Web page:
Coming to a town near you – another weather storm

By    February 21, 2014

Severe weather in any area has an impact on travel.  A few weeks ago, we had snow storms running through the Midwestern US, and heavy rains in the UK.  Whether you are simply trying to drive to the office, catch the tube, or hop a plane, we all saw disruptions, and they are becoming more frequent.  This pattern rotates the globe….we have snow storms, thunder storms, typhoons, monsoons, and hurricanes.  We can’t control the weather.

In January 2014, 49,000 flights were canceled by U.S. carriers, and another 300,000 failed to take off on time, according to USA Today. The cancelled and delayed flights disrupted the travel plans for approximately 30 million fliers and cost them over $2.5 billion in lost work time and out-of-pocket costs for everything from meals to an extra night's hotel stay. 

The value of face to face meetings and building relationships can never be replaced, but with modern communications we can bridge the gap and mitigate some of these disruptions. With many web based or video online tools at our disposal to make communication more efficient and allow for collaboration – we just need a solid broadband connection whether at work or the home office.

However, to allow us to be more efficient, we need to make changes to our broadband connections, especially at home – we no longer use them for just for email and web surfing.  We now run everything over one data connection – VoIP, data and video steaming.  And we like to be connected all the time.

As consumers we have become demanding customers and want more than unspecified bit rate connections delivered by cable or DSL.  We now need QoS to help with VoIP and video streaming, symmetrical traffic to support cloud based services, and just more capacity period.  And when those things aren’t working, we aren’t too happy.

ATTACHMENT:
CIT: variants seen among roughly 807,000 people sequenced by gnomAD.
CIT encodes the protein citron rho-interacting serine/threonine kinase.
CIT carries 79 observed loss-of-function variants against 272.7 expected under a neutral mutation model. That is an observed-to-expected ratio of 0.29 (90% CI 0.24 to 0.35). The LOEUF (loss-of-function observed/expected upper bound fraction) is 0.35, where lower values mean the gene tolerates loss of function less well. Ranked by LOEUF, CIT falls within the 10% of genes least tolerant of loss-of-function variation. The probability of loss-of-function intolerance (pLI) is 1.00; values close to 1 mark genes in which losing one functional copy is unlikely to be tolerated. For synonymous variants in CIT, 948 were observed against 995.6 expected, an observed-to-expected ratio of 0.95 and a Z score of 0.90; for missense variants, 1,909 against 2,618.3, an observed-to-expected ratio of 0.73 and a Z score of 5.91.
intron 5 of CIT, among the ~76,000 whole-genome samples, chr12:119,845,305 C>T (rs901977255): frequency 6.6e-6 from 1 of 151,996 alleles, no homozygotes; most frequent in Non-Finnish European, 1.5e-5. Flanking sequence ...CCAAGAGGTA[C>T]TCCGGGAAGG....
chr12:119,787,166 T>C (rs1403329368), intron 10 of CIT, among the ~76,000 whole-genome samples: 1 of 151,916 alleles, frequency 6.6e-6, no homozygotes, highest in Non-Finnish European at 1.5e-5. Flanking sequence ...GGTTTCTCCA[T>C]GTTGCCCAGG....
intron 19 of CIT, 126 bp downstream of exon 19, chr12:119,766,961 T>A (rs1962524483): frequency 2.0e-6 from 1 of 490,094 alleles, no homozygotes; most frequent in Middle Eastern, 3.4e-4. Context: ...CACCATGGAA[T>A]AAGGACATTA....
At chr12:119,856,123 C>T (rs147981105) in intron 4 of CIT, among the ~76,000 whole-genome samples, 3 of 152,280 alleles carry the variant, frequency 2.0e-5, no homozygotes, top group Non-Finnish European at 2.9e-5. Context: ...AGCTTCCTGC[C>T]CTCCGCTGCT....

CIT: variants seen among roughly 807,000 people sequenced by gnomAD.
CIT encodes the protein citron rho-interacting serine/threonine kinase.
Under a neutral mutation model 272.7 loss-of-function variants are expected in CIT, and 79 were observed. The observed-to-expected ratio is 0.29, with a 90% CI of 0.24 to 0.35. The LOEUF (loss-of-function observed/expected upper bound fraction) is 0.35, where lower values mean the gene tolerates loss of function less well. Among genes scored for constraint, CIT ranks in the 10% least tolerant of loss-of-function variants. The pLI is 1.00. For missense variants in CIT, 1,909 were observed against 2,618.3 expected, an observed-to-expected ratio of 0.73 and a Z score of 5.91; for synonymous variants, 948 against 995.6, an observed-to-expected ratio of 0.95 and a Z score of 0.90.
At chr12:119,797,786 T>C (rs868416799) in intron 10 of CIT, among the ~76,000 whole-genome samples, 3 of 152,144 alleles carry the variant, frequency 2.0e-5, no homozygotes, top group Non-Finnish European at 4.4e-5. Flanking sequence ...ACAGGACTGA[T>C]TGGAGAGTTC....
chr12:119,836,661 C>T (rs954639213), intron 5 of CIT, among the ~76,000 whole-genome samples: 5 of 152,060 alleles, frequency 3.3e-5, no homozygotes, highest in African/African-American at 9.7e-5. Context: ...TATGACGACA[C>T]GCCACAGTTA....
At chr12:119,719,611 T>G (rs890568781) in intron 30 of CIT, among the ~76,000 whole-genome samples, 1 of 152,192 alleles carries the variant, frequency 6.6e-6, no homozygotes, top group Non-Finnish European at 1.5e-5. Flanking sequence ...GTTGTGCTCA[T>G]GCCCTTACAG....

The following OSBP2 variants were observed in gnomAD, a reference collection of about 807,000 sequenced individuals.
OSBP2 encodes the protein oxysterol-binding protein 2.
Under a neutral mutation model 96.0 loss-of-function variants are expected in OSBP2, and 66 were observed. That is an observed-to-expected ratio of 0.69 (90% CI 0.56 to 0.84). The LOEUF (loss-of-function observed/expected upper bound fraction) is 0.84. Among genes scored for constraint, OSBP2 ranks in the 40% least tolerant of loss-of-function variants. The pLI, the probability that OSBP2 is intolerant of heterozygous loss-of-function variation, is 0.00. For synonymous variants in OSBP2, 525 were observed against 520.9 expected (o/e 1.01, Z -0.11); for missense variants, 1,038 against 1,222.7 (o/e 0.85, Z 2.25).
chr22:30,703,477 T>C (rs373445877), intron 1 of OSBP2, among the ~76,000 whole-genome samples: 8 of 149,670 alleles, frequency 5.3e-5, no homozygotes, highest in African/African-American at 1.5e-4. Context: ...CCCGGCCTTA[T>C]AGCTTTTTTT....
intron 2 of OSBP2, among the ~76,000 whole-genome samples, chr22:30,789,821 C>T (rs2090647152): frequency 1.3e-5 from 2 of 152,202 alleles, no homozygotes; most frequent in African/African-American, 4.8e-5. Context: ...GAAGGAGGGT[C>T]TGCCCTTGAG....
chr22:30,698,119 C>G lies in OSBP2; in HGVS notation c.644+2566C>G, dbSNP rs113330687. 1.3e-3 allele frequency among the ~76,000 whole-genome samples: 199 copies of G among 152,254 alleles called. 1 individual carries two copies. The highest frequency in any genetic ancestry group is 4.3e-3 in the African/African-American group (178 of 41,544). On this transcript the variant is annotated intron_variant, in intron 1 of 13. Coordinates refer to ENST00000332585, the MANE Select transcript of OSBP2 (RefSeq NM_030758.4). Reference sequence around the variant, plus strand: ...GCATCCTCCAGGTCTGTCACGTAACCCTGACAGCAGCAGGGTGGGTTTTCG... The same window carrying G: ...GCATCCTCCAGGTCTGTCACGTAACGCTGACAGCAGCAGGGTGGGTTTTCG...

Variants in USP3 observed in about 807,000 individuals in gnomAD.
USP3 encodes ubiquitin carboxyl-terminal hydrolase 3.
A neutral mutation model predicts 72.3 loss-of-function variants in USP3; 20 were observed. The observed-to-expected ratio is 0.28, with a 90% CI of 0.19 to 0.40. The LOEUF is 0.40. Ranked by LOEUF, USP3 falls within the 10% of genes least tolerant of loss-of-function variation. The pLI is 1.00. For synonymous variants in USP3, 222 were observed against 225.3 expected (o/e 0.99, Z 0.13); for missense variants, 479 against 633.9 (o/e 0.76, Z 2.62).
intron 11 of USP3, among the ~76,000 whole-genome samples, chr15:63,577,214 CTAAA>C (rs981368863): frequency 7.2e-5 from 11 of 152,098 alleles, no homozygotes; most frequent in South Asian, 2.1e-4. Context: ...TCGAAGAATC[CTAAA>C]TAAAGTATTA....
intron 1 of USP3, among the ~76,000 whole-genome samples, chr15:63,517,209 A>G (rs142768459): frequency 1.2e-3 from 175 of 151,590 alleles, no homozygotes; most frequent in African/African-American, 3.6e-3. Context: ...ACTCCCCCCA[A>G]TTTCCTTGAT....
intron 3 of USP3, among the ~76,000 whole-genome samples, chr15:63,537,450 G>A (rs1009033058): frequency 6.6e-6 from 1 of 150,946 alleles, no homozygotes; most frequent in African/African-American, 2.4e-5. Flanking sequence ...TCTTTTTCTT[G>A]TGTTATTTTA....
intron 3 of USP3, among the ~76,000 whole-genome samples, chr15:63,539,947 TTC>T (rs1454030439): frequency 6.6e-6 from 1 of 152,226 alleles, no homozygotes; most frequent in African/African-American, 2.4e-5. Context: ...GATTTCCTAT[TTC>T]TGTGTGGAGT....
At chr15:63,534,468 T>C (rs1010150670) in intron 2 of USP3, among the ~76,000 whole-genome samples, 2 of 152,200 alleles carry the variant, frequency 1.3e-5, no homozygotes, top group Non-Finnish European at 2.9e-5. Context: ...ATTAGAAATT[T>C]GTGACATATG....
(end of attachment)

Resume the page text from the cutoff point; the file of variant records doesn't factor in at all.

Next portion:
For service providers this is a serious challenge as a lot of the current infrastructure won’t scale to meet these needs.  Fixed wireless broadband equipment like the PMP 450 and ePMP™ give service providers the flexibility to adjust QoS, shift traffic symmetry, and increase capacity considerably.

Check out the following performance parameters for the PMP 450 and ePMP:


Downlink / Uplink Ratio


PMP 450

(1% variable between)

Highest Downlink

75 / 25

85 / 15


50 / 50

50 / 50

Highest Uplink

30 / 70

15 / 85


I can’t speak for you, but I have already hit the limit with the offering of my current service provider with the highest level service they offer, and it’s a challenge (it’s fiber to the curb too).  I can’t hold a go-to-meeting connection, access cloud based services or take any VoIP calls between 2 and 5 pm every work day.  I really wish I had another option. 

Next time I’ll go through the broadband challenges of the modern home which is further complicated by the home office.